This is easier said than done, because there are many possible
combinations. Adaptive compression must
keep running statistics of frequency distribution. Too many
items make statistics unreliable.
What follows is not even an approximate solution to the problem
posed above, but anyway this was what I did in the summer of
1988.
I extended the character set from 256 to three-hundred or so in
size, and let characters 0 through 255 be the usual 8-bit
characters, whereas characters 253 + n represent that what
follows is a position of string of length n, where n = 3, 4 ,
.... These extended set of characters will be encoded with
adaptive arithmetic compression.
I also observed that longest-match strings tend to be the ones
that were read relatively recently. Therefore, recent
positions should be encoded into fewer bits. Since 4096
positions are too many to encode adaptively, I fixed the
probability distribution of the positions "by hand." The
distribution function given in the accompanying LZARI.C is
rather tentative; it is not based on thorough experimentation.
In retrospect, I could encode adaptively the most significant 6
bits, say, or perhaps by some more ingenious method adapt the
parameters of the distribution function to the running
statistics.
At any rate, the present version of LZARI treats the positions
rather separately, so that the overall compression is by no
means optimal. Furthermore, the string length threshold above
which strings are coded into pairs is fixed,
but logically its value must change according to the length of
the pair we would get.
8. LZHUF
LZHUF, the algorithm of Haruyasu Yoshizaki's archiver LHarc,
replaces LZARI's adaptive arithmetic coding with adaptive
Huffman. LZHUF encodes the most significant 6 bits of the
position in its 4096-byte buffer by table lookup. More recent,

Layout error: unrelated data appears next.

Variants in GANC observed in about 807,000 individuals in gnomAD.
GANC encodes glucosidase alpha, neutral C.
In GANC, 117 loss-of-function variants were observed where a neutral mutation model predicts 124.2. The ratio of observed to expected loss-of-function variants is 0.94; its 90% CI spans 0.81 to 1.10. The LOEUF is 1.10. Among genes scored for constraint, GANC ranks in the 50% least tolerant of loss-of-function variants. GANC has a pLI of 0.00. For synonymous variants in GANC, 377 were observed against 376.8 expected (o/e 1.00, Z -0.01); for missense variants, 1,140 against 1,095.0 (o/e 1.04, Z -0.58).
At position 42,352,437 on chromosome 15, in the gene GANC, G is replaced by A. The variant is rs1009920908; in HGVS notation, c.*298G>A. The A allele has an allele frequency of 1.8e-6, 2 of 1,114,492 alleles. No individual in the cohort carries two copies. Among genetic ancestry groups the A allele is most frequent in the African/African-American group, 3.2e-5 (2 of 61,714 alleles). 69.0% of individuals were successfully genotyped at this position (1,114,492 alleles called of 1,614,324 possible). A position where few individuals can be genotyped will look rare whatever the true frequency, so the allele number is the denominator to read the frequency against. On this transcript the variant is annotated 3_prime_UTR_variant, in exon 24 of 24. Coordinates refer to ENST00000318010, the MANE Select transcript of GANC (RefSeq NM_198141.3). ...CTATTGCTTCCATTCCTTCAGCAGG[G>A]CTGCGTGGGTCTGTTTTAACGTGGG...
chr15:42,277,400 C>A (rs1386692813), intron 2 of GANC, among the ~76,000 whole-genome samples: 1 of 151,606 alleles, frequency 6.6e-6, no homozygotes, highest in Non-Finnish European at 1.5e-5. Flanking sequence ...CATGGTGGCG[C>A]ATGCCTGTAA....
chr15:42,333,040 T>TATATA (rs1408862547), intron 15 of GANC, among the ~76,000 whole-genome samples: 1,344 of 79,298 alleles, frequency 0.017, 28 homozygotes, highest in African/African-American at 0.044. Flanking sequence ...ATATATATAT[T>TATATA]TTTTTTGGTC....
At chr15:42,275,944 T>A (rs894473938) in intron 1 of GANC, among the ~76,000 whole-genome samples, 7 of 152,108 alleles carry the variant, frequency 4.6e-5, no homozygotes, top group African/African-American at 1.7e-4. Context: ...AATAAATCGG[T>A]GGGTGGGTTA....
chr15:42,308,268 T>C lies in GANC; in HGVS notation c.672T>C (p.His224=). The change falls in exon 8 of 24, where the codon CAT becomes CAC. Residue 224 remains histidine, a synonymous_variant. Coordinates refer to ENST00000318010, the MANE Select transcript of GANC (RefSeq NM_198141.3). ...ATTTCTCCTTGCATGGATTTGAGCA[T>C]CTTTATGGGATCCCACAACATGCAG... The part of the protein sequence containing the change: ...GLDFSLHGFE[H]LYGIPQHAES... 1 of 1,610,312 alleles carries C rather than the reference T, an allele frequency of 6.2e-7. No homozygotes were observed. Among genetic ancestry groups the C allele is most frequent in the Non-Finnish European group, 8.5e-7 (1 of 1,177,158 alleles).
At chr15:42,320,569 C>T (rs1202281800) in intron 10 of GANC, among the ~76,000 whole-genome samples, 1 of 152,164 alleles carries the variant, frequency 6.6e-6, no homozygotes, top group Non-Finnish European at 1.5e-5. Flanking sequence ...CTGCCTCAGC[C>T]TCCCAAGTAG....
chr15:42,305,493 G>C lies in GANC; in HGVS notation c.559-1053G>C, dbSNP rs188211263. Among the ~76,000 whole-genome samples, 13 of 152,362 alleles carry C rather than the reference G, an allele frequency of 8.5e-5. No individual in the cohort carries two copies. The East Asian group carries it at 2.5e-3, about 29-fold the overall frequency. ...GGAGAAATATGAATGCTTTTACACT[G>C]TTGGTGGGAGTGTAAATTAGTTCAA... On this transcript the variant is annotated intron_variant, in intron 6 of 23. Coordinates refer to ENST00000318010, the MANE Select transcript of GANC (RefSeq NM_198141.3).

and hence more probable, positions are coded in less bits. On
the other hand, the remaining 6 bits are sent verbatim. Because
Huffman coding encodes each letter into a fixed number of bits,
table lookup can be easily implemented.
Though theoretically Huffman cannot exceed arithmetic
compression, the difference is very slight, and LZHUF is fairly
fast.
The accompanying file LZHUF.C was written by Yoshizaki. I
translated the comments into English and made a few trivial
changes to make it conform to the ANSI C standard.
References
[1] J. Ziv and A. Lempel, IEEE Trans. IT-23, 337-343 (1977).
[2] J. A. Storer and T. G. Szymanski, J. ACM, 29, 928-951
(1982).
[3] T. C. Bell, IEEE Trans. COM-34, 1176-1182 (1986).
[4] J. Ziv and A. Lempel, IEEE Trans. IT-24, 530-536 (1978).
[5] T. A. Welch, Computer, 17, No.6, 8-19 (1984).
[6] J. A. Storer, Data Compression: Methods and Theory
(Computer Science Press, 1988).
[7] D. A. Huffman, Proc IRE 40, 1098-1101 (1952).
[8] R. Sedgewick, Algorithms, 2nd ed. (Addison-Wesley, 1988).
[9] R. G. Gallager, IEEE Trans. IT-24, 668-674 (1978).
[10] I. E. Witten, R. M. Neal, and J. G. Cleary, Commun. ACM
30, 520-540 (1987).